When two people come together as a couple, it is almost automatic that such a relationship brings down their boundaries to ensure they commit to each other. But such boundaries cannot be brought down without discussing money – a thorny issue in many romantic relationships.
While many couples have joint accounts to minimise conflicts or show how willing they are to jell, experts note that such a move does not necessarily mean there will be harmony in the union.
It is not about just jelling together per se but also respecting each other’s money boundaries. First, before even money is discussed as a couple, they need to determine how serious the relationship is.
Noni Kihagi, founder Mirror Wealth Coaching says how you view money differs if one is in platonic relationship or one that is leading to marriage.
When one is in plutonic one, there are some money behaviours that may not be as necessary compared to when the couple is intentional about marriage.
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During the dating phase, Kihagi advises that you should pay attention on how much your partner is spending. For a platonic relationship, each person may foot their own bill and this should not be an issue. If you are looking into a long term partnership, and your partner volunteers to pay, it is important to observe if they are comfortable footing the bill.
You should also watch out if your partner is the kind that sends texts requesting for money promising to pay back. These small behaviours, Kihagi says, should be noted and addressed slowly.
“For instance, if you notice your partner is always asking you for money, but then they are also living a particular lifestyle, taking you to a five-star hotel; that is a red flag,” says Kihagi.
“Ideally, if you are in a relationship, you are looking at it long term, if you do not address such, you will have to address it in the future when there is more at stake,” she adds.
Failure to observe money and spending traits and addressing them may lead to a more complicated relationship.
"A lot of relationships when it comes to money do not go wrong, they start wrong,” says Amos Ngahu, a financial coach.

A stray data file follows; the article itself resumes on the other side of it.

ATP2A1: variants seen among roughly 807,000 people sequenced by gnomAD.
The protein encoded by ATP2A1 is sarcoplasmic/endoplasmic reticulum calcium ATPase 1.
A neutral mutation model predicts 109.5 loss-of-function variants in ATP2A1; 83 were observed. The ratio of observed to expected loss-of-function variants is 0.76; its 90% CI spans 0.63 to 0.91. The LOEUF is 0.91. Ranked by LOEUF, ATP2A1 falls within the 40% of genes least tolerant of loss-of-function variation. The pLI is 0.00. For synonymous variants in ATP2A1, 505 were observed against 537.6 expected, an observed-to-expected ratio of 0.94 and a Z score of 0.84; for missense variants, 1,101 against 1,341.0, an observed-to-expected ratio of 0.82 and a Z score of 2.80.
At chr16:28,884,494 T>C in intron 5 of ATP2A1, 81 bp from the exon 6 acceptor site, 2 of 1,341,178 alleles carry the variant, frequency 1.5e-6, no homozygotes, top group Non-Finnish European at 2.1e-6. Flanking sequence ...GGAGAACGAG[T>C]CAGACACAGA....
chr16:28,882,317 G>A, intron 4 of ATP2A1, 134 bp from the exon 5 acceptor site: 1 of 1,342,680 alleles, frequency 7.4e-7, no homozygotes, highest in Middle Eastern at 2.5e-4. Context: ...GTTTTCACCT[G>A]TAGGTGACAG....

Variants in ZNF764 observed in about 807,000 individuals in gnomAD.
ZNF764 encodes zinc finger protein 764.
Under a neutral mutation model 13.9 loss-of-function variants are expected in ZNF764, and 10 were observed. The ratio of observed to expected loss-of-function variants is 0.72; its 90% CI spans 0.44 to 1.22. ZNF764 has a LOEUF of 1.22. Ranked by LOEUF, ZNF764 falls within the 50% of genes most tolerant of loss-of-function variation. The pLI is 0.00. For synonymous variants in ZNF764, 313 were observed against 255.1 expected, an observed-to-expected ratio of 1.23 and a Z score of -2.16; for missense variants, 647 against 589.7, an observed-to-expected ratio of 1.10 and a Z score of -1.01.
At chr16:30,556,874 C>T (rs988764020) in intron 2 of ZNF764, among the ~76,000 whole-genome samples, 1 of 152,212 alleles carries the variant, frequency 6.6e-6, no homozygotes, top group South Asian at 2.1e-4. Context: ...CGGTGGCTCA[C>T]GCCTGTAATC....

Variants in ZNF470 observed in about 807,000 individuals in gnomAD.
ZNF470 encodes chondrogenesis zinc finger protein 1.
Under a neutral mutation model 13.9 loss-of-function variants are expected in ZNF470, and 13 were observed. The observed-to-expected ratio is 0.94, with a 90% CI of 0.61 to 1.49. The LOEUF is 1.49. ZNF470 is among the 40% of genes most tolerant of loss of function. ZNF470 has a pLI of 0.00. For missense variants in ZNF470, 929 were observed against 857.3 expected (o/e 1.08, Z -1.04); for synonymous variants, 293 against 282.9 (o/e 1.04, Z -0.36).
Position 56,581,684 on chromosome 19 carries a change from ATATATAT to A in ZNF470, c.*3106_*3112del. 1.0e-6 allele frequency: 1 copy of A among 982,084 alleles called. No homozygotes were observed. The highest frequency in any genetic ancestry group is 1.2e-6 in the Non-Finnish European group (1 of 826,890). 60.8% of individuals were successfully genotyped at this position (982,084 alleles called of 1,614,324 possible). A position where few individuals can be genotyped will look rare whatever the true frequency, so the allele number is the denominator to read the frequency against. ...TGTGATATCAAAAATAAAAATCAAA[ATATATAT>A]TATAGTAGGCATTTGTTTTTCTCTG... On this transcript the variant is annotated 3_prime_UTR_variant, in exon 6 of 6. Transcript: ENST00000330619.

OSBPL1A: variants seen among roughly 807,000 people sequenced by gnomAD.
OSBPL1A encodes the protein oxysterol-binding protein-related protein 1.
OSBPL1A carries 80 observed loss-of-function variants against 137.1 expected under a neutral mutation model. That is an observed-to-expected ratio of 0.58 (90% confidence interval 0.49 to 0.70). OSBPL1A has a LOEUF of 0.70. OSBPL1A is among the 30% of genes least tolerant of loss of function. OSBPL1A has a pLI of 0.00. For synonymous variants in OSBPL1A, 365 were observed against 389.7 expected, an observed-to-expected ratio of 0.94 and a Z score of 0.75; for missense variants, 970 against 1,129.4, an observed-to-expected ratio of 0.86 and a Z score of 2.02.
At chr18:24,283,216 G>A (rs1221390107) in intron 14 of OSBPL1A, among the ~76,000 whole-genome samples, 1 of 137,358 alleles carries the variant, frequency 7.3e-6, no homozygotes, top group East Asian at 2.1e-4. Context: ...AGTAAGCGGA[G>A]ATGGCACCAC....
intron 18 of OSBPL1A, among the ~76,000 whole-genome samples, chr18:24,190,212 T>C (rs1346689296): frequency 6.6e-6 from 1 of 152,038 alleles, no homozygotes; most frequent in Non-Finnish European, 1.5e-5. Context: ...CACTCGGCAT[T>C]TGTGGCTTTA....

Ngahu says at the initial stage of the relationship, the couple should hold simple discussions.
“Not complex of how much you earn or even your mobile money statements,” explains Ngahu.
“I want us to discuss if we started to date on serious note, I can afford Sh6,000 for a plan this month, and her she can afford like Sh3,000 so in total you have Sh9,000. How do you plan with that for a date? Who is more excited about going out who can plan for it better?”
Start with small steps
"You start with small steps: can we agree on the Sh9,000. As you advance you realise over time, you are now doing things in agreement,” he says.
Ngahu notes that there is this notion that as a couple, you must do things together.
“…you may have a joint bank account but that does not mean you are doing things in agreement. I think it should start with “do we agree on the smaller amount of money that we want to spend?” and I feel that should be the foundation for any couple that wants to date,” he says.
Not a competition
When it comes to making money decisions as a couple, Kihagi says it should not turn out to be a competition that if one partner has to lose in order for the other to gain.
“One of the things couples need to do is dream together. What exactly are these things that we want to achieve as a couple? What are our aspirations? Where do we see ourselves in five to ten years?” Kihagi poses.
"If we agree on the path, it is very easy to let certain things go,” says Kihagi.
For instance, if a couple has agreed to start a business which will be doing XYZ, it is easier for them to make money decisions towards that goal. She says such a scenario will no longer be a discussion of ‘my money’ but ‘our money’.
“It will not be a case of I want this, so you have to compromise but (that of) are we are all pulling or pushing towards the same direction,” she says.
"If compromising is becoming an issue, it is good to address the main problem.”
If a couple is working towards the same direction, chances are it will be more of a team work.
Individual push to be independent
Yet Kihagi acknowledges that despite the coming together of a couple, there is still the individual push to be independent.
This may happen if one of the partners feels they are always the ones compromising on their needs while the other has their way.
Instead of having a joint account, Kihagi says a couple can have individual accounts known to each of their partners where they can source funds to do what pleases them as long as they are in agreement.
"Instead of compromising things that are important to you, how about we fund what is important for each other but not necessarily important to both of us so that everyone still enjoys,” she explains.
She says there are relationships where one partner does more than the other but they are in agreement.
"You will find some men who actually prefer that their money caters for everything which gives them sense of pride. For them, whatever money the woman gets is hers. For some people, that is not going to work,” she says.